Início Tech Students Target Teachers in Group TikTok Attack, Shaking Their School

Students Target Teachers in Group TikTok Attack, Shaking Their School

In February, Patrice Motz, a veteran Spanish teacher at Great Valley Middle School in Malvern, Pa., was warned by another teacher that trouble was brewing.

Some eighth graders at her public school had set up fake TikTok accounts impersonating teachers. Ms. Motz, who had never used TikTok, created an account.

She found a fake profile for @patrice.motz, which had posted a real photo of her at the beach with her husband and their young children. “Do you like to touch kids?” a text in Spanish over the family vacation photo asked. “Answer: Sí.”

In the days that followed, some 20 educators — about one quarter of the school’s faculty — discovered they were victims of fake teacher accounts rife with pedophilia innuendo, racist memes, homophobia and made-up sexual hookups among teachers. Hundreds of students soon viewed, followed or commented on the fraudulent accounts.

In the aftermath, the school district briefly suspended several students, teachers said. The principal during one lunch period chastised the eighth-grade class for its behavior.

The biggest fallout has been for teachers like Ms. Motz, who said she felt “kicked in the stomach” that students would so casually savage teachers’ families. The online harassment has left some teachers worried that social media platforms are helping to stunt the growth of empathy in students. Some teachers are now hesitant to call out pupils who act up in class. Others said it had been challenging to keep teaching.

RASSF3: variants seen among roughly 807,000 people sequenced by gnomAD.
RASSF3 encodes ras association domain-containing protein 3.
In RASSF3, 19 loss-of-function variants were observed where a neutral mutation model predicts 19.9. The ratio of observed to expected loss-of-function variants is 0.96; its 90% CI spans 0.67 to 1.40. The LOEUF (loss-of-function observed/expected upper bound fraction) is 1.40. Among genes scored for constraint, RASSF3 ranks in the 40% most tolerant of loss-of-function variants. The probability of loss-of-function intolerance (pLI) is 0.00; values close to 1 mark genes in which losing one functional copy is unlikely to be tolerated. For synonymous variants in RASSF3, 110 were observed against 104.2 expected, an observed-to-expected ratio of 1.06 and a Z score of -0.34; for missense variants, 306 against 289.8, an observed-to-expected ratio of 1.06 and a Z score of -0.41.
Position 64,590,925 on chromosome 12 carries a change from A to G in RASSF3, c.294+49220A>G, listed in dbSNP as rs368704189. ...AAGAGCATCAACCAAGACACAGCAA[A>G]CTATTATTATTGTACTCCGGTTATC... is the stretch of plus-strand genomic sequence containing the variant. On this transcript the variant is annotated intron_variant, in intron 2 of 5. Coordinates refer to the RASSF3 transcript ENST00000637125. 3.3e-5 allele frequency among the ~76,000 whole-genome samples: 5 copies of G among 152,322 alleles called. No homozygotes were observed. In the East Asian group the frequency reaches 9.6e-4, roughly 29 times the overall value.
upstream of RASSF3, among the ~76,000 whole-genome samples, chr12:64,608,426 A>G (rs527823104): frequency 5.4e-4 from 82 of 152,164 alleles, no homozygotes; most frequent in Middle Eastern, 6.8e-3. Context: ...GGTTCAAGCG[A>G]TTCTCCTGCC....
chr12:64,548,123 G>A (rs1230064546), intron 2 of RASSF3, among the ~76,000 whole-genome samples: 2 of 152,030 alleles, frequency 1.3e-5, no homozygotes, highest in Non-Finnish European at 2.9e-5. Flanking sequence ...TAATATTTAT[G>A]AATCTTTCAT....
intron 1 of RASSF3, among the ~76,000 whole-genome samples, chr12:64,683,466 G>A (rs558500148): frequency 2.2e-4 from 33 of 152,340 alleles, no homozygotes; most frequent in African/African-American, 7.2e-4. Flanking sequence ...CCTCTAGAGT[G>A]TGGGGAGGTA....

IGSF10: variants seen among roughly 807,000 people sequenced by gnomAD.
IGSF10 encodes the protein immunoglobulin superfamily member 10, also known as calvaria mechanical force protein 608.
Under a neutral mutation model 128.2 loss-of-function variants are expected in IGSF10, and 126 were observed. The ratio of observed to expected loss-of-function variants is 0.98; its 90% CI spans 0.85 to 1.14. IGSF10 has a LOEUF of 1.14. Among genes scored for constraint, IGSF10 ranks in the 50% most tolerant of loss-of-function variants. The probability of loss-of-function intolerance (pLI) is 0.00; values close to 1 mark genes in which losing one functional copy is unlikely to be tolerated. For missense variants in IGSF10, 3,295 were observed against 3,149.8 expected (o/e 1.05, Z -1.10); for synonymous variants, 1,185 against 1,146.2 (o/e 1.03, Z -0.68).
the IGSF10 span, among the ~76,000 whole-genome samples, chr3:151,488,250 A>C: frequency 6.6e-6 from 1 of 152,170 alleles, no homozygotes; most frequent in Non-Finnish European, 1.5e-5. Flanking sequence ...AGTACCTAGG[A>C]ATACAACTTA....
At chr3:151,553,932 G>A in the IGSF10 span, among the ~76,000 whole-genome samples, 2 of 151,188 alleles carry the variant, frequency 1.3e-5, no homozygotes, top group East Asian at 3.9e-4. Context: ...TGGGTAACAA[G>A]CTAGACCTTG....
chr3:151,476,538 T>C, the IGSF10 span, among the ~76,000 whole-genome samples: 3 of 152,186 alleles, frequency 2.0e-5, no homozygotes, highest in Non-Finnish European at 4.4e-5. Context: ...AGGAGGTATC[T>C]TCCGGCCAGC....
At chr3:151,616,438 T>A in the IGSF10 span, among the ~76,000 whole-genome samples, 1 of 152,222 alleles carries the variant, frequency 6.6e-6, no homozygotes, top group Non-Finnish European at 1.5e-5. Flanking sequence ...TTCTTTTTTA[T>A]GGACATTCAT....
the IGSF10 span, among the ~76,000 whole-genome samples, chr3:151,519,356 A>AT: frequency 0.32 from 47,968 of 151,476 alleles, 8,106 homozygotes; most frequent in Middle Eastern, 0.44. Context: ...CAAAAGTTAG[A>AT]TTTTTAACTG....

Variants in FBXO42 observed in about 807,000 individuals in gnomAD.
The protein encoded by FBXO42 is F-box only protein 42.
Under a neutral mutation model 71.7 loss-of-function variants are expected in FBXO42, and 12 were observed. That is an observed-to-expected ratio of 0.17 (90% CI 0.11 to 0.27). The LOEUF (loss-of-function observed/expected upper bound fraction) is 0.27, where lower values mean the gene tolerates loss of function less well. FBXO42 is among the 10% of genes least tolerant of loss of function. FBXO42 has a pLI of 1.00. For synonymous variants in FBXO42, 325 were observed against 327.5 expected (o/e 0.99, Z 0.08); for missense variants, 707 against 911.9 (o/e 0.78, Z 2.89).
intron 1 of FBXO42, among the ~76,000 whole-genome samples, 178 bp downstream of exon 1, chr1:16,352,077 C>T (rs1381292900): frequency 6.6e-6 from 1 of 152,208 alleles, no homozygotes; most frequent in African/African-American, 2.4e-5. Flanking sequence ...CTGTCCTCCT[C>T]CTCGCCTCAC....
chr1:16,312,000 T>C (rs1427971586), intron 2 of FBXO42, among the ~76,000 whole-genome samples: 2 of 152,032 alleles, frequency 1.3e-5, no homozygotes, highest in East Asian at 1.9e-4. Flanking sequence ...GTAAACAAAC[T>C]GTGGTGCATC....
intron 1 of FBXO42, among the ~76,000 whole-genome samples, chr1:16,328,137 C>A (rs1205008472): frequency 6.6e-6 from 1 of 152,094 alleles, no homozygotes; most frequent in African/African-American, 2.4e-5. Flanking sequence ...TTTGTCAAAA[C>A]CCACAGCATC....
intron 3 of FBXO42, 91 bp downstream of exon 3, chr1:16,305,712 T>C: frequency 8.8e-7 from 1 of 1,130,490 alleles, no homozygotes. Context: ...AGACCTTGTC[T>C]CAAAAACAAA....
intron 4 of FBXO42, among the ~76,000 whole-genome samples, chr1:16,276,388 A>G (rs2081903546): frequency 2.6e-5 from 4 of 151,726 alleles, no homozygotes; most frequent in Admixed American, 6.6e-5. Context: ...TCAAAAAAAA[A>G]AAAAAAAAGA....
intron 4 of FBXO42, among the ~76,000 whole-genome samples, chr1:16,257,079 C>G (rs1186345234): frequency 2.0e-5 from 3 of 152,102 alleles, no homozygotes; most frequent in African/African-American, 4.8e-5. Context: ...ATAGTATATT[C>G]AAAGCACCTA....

“It was so deflating,” said Ms. Motz, who has taught at the school, in a wealthy Philadelphia suburb, for 14 years. “I can’t believe I still get up and do this every day.”

The Great Valley incident is the first known group TikTok attack of its kind by middle schoolers on their teachers in the United States. It’s a significant escalation in how middle and high school students impersonate, troll and harass educators on social media. Before this year, students largely impersonated one teacher or principal at a time.

The middle schoolers’ attack also reflects broader concerns in schools about how students’ use, and abuse, of popular online tools is intruding on the classroom. Some states and districts have recently restricted or banned student cellphone use in schools, in part to limit peer harassment and cyberbullying on Instagram, Snap, TikTok and other apps.

Now social media has helped normalize anonymous aggressive posts and memes, leading some children to weaponize them against adults.

“We didn’t have to deal with teacher-targeting at this scale before,” said Becky Pringle, president of the National Education Association, the largest U.S. teachers’ union. “It’s not only demoralizing. It could push educators to question, ‘Why would I continue in this profession if students are doing this?’”